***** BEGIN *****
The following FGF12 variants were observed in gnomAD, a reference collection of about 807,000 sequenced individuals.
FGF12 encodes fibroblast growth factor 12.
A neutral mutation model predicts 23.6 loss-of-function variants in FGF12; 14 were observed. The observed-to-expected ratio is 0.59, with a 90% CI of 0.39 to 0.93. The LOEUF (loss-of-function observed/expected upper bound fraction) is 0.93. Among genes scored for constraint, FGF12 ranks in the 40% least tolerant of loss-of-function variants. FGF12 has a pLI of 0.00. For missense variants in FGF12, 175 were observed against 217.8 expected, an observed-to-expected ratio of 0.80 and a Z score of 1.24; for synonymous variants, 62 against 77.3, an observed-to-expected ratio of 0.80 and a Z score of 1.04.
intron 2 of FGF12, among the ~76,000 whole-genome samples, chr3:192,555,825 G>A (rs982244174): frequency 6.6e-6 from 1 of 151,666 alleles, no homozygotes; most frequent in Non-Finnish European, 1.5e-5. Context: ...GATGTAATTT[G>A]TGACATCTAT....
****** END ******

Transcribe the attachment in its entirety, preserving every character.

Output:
The following FGF12 variants were observed in gnomAD, a reference collection of about 807,000 sequenced individuals.
FGF12 encodes fibroblast growth factor 12.
A neutral mutation model predicts 23.6 loss-of-function variants in FGF12; 14 were observed. The observed-to-expected ratio is 0.59, with a 90% CI of 0.39 to 0.93. The LOEUF (loss-of-function observed/expected upper bound fraction) is 0.93. Among genes scored for constraint, FGF12 ranks in the 40% least tolerant of loss-of-function variants. FGF12 has a pLI of 0.00. For missense variants in FGF12, 175 were observed against 217.8 expected, an observed-to-expected ratio of 0.80 and a Z score of 1.24; for synonymous variants, 62 against 77.3, an observed-to-expected ratio of 0.80 and a Z score of 1.04.
intron 2 of FGF12, among the ~76,000 whole-genome samples, chr3:192,555,825 G>A (rs982244174): frequency 6.6e-6 from 1 of 151,666 alleles, no homozygotes; most frequent in Non-Finnish European, 1.5e-5. Context: ...GATGTAATTT[G>A]TGACATCTAT....